In a statistical sense, ‘confidential data’ means data which allow statistical units to be identified, either directly or indirectly, thereby disclosing individual information. To determine whether a statistical unit is identifiable, account shall be taken of all relevant means that might reasonably be used by a third party to identify the statistical unit. Although national accounts data are usually highly aggregated, there may be possible cases for detailed breakdowns of aggregates and/or small economies. In these cases measures should be taken in order not to disclose data of a separate statistical unit. Guidance on how to prevent disclosure can be found in the Handbook on Statistical Disclosure Control.
The data submitted are flagged either by ‘N= not for publication before embargo date’ or ‘F=free’.

Release policy

Statistics Finland publishes new statistical data at 8 am on weekdays in its web service. The release times of statistics are given in advance in the release calendar available in the web service. The data are public after they have been updated in the web service. 

Further information: Publication principles for statistics at Statistics Finland 

Data sharing

National accounts data are key datasets used and published by many international organisations to improve data consistency and exploit synergies for data collection and validation. An initiative to improve data sharing for National Accounts was launched in 2016 by the Inter-Agency Group on Economic and Financial Statistics (comprising representatives of the Bank for International Settlements, the European Central Bank, Eurostat, the IMF, the Organization for Economic Co-operation and Development, the United Nations, and the World Bank) under the G20 Data Gap Initiative.
Data are transmitted via Eurostat to other international organisations. The data content of the statistics is reported to Eurostat on the national release day in the SDMX format. In the national publication, the data content of the StatFin tables is in line with PxPro format.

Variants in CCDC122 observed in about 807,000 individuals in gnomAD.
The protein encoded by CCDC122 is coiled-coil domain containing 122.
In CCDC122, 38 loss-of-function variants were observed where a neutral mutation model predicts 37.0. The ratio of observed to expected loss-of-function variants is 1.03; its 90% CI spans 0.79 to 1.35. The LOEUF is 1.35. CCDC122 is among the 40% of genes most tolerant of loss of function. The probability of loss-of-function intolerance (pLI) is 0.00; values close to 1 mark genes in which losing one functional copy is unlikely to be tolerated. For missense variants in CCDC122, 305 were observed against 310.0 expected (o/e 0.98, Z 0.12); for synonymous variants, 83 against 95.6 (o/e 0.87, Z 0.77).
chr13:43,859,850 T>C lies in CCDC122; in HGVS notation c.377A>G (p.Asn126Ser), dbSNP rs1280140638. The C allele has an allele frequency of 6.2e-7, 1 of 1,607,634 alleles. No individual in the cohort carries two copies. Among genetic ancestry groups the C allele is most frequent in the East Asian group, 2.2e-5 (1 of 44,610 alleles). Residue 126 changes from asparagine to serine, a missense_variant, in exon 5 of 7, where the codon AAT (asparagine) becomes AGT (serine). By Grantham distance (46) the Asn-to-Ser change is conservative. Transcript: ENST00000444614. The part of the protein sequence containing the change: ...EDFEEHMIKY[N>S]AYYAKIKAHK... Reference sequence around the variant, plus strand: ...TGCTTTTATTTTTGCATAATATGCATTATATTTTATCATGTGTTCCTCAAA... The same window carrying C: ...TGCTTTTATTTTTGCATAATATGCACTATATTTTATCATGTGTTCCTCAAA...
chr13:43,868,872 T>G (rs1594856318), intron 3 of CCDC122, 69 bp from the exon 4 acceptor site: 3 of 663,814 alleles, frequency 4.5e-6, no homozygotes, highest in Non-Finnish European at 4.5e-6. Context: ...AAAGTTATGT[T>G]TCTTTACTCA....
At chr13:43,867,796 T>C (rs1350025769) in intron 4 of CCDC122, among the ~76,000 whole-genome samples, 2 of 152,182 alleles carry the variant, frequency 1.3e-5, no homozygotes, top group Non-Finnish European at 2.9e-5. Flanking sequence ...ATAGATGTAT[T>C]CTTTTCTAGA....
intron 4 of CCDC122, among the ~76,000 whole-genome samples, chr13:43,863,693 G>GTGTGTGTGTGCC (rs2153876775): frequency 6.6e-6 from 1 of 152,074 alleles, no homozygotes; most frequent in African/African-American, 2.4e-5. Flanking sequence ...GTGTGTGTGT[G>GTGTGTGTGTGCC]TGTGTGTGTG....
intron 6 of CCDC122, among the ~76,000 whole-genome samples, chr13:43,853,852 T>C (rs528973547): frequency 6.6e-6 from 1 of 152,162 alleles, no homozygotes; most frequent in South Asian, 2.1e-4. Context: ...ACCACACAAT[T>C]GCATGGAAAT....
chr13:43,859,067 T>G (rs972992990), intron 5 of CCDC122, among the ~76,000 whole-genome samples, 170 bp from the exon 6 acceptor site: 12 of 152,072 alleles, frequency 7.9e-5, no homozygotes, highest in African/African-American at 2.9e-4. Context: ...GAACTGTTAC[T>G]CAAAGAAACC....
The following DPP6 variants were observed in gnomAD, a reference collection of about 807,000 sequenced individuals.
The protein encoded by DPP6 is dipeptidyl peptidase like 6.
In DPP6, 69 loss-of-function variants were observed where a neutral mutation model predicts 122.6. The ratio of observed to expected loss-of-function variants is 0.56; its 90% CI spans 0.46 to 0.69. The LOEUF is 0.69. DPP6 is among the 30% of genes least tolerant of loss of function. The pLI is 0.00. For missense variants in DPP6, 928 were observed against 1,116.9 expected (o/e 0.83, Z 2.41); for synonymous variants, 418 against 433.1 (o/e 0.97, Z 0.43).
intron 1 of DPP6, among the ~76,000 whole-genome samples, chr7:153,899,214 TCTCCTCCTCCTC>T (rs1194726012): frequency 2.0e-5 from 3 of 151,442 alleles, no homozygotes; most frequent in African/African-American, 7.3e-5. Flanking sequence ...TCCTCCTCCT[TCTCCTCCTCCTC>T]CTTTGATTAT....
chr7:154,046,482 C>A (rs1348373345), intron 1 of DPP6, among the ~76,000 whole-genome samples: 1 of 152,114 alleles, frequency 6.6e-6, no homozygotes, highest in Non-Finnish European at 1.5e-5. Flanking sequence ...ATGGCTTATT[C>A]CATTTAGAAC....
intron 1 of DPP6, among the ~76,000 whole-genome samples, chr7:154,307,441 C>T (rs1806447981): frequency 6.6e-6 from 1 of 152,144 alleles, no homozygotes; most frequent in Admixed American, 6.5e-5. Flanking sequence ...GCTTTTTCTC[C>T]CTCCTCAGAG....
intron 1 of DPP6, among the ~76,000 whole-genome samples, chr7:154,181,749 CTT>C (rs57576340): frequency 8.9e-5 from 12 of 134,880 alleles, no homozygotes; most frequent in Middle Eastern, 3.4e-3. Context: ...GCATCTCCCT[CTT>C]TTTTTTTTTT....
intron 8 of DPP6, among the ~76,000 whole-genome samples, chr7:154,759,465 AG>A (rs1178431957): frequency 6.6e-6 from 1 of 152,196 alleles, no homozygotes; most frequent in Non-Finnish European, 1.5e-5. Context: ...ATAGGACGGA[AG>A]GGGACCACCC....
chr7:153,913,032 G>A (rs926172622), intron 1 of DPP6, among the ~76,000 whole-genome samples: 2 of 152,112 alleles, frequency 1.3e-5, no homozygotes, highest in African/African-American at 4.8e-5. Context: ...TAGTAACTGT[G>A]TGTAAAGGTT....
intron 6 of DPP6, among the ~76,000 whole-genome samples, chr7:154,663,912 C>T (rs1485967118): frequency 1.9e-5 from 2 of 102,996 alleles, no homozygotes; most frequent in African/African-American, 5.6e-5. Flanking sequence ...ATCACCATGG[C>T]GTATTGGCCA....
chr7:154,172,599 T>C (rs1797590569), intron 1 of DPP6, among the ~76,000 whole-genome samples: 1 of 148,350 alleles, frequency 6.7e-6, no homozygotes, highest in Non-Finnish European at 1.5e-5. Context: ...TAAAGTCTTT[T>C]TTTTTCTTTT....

Accessibility and clarity

Statistical data are published as database tables in the StatFin database. The database is the primary publishing site of data, and new data are updated first there. When releasing statistical data, existing database tables can be updated with new data or completely new database tables can be published.   

In addition to statistical data published in the StatFin database, a release on the key data is usually published in the web service. If the release contains data concerning several reference periods (e.g. monthly and annual data), a review bringing together these data is published in the web service. Database tables updated at the time of publication are listed both in the release and in the review. In some cases, statistical data can also be published as mere database releases in the StatFin database. No release or review is published in connection with these database releases. 

Releases and database tables are published in three languages, in Finnish, Swedish and English. The language versions of releases may have more limited content than in Finnish.   

Information about changes in the publication schedules of releases and database tables and about corrections are given as change releases in the web service. 

The quarterly sector accounts statistics and database tables are published on Statistics Finland’s website. In addition, the data are available from the Astika database. The data content of the statistics is reported to Eurostat on the national release day in the SDMX format.

Data revision - policy

Revisions – i.e. improvements in the accuracy of statistical data already published – are a normal feature of statistical production and result in improved quality of statistics. The principle is that statistical data are based on the best available data and information concerning the statistical phenomenon. On the other hand, the revisions are communicated as transparently as possible in advance. Advance communication ensures that the users can prepare for the data revisions.

The reason why data in statistical releases become revised is often caused by the data becoming supplemented. Then the new, revised statistical figure is based on a wider information basis and describes the phenomenon more accurately than before.

Revisions of statistical data may also be caused by the calculation method used, such as annual benchmarking or updating of weight structures. Changes of base years and used classifications may also cause revisions to data.

Quality assurance

Quality management requires comprehensive guidance of activities. The quality management framework of the field of statistics is the European Statistics Code of Practice (CoP). The frameworks complement each other. The quality criteria of Official Statistics of Finland are also compatible with the European Statistics Code of Practice.

Further information: Quality management | Statistics Finland (stat.fi)

User access

Data are released to all users at the same time. Statistical data may only be handled at Statistics Finland and information on them may be given before release only by persons involved in the production of the statistics concerned or who need the data of the statistics concerned in their own work before the data are published.

Further information: Publication principles for statistics

Unless otherwise separately stated in connection with the product, data or service concerned, Statistics Finland is the producer of the data and the owner of the copyright. The terms of use for statistical data

Revisions in statistics

Statistical experts

Nata Kivari
Senior Statistician
029 551 3361